Huckabee, then and now 

Quote of the Week 1:

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"This president's foreign policy is the most feckless in American history. It is so naive that he would trust the Iranians. By doing so, he will take the Israelis and march them to the door of the oven."

— Mike Huckabee on the nuclear arms agreement struck between the U.S., Iran and other world powers earlier this month. At a press conference, President Obama responded, saying such remarks from Republican candidates were part of a pattern of rhetoric "that would be considered ridiculous if it weren't so sad."

Quote of the Week 2:

"[W]e might be able to live with a contained Iran. ... We have substantive issues to discuss with Tehran. Recent direct negotiations about Iraq have not been productive because they have not explored the full range of issues. We have valuable incentives to offer Iran: trade and economic assistance, full diplomatic relations, and security guarantees."

— Mike Huckabee, in a 2008 essay for Foreign Affairs in which he advocated cautiously extending a conditional olive branch to Iran — much as Obama has just done. But then, in 2008, Huckabee found media attention easier to come by. This time around, he's staring at a four-way tie for fifth-place in the GOP primary. Time to Trump it up.

Tragedy in Hot Springs

An 18-month-old Garland County child was found dead on Friday after being left in a car on a day when the temperature neared 100 degrees. In a horrifying irony, the boy was the son of Circuit Judge Wade Naramore, who handles juvenile cases in the county. Naramore himself made the initial call to 911.

Garland County Prosecutor Terri Harris, who formerly hired Naramore as a deputy attorney in her office, asked for a special prosecutor to step in, and other circuit judges in the county have recused from hearing any motion related to the case. Scott Ellington of Jonesboro, the prosecuting attorney for the 2nd Judicial District, was named to investigate.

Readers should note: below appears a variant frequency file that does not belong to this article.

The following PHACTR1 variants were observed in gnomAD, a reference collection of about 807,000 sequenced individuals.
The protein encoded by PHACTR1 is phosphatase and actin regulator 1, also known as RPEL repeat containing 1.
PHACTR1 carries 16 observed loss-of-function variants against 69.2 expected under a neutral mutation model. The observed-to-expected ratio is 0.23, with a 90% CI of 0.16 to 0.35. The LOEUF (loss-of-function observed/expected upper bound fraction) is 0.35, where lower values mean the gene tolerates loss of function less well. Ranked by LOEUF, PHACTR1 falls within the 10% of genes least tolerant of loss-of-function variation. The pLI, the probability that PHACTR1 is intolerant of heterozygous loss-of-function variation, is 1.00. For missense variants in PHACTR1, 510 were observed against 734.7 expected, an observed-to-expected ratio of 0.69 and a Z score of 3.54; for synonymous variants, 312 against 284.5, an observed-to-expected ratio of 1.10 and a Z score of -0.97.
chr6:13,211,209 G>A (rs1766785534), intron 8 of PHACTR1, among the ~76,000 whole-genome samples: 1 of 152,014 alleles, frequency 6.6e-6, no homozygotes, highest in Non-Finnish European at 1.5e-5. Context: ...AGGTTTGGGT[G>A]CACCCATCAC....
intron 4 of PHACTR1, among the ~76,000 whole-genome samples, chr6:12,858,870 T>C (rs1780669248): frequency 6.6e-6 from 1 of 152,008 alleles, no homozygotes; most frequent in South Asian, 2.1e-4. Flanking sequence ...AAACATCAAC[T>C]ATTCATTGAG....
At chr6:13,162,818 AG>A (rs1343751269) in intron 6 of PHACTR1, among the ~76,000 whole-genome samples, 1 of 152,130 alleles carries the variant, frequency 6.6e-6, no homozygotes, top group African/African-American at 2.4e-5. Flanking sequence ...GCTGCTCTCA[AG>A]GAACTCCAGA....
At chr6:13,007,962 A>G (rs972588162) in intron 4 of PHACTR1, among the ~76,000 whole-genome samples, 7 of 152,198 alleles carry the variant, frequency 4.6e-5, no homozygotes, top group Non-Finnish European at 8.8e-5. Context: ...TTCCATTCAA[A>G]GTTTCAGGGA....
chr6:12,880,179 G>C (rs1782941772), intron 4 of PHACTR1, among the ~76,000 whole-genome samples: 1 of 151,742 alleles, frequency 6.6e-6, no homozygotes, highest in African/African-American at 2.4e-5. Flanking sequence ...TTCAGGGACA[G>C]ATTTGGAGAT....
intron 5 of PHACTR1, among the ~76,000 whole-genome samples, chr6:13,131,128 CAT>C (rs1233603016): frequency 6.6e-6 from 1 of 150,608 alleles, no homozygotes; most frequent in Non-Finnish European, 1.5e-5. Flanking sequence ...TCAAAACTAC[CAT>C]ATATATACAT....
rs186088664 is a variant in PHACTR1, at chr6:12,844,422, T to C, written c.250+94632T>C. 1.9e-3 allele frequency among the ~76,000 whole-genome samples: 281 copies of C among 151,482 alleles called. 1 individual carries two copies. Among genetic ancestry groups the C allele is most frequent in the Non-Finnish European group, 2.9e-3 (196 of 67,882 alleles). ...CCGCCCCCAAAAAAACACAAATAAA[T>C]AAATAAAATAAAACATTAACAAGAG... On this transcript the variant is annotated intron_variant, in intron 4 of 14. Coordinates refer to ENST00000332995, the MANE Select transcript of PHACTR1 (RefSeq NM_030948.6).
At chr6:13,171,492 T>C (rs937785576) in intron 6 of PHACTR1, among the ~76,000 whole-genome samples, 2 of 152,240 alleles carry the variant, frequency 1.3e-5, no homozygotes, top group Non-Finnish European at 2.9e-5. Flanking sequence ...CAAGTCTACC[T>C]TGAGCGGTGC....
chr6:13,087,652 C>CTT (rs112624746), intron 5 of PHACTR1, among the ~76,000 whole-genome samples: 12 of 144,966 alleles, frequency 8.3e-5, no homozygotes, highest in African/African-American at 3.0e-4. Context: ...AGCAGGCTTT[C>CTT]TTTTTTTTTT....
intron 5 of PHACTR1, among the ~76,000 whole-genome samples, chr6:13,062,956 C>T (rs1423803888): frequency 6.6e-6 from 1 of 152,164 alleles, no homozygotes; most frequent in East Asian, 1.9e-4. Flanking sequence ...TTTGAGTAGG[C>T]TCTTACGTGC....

From Princeton to Bentonville

The Walton Family Foundation announced in a news release that it would fund — with an as-yet-undisclosed sum of money — the creation of an "independent school" in Bentonville, presumably meaning a private institution. To get the school off the ground, the foundation is hiring Clayton Marsh, currently a deputy dean at Princeton University. He'll start work in January.

The foundation offered few other details about plans for the school other than to say it will "offer a challenging curriculum, small classes, a diverse student body and distinctive architecture."


Bring your own chairs

Last weekend, the Ku Klux Klan rallied near Monticello. Sort of: Monticello Live, an online news source in the Southeast Arkansas town, reported "a group of 8 to 12 men in full cover robes" convened at 10 p.m. Saturday and ritually burned a cross, then disbursed by midnight. A KKK website announcing the event beforehand laid down the law. "No weapons, attitudes or media are allowed. ... WE RESERVE THE RIGHT TO REFUSE ADMITTANCE!!!!!!!!!!!!!!!!!" it impotently shrilled. Also: "Food is provided but bring your own chairs."

Name that baby

The Little Rock Zoo announced a boy chimpanzee was born July 18 to Mahale, her second child. The zoo (littlerockzoo.com) is conducting an online poll until Aug. 3 to name the baby. Options are: "Jumoke," which is Swahili for "everyone loves the child"; "Kibale," after Kibale National Park in Uganda, or "Kgosi," a Setswana term for "king" or "chief."

Greenberg hangs it up

Paul Greenberg, 78, the longtime editor of the Arkansas Democrat-Gazette's editorial page, said he'd be stepping down Aug. 1 after 23 years at the job. He'll be succeeded by editorial writer David Barham. Greenberg will continue to write editorials and columns for the paper.



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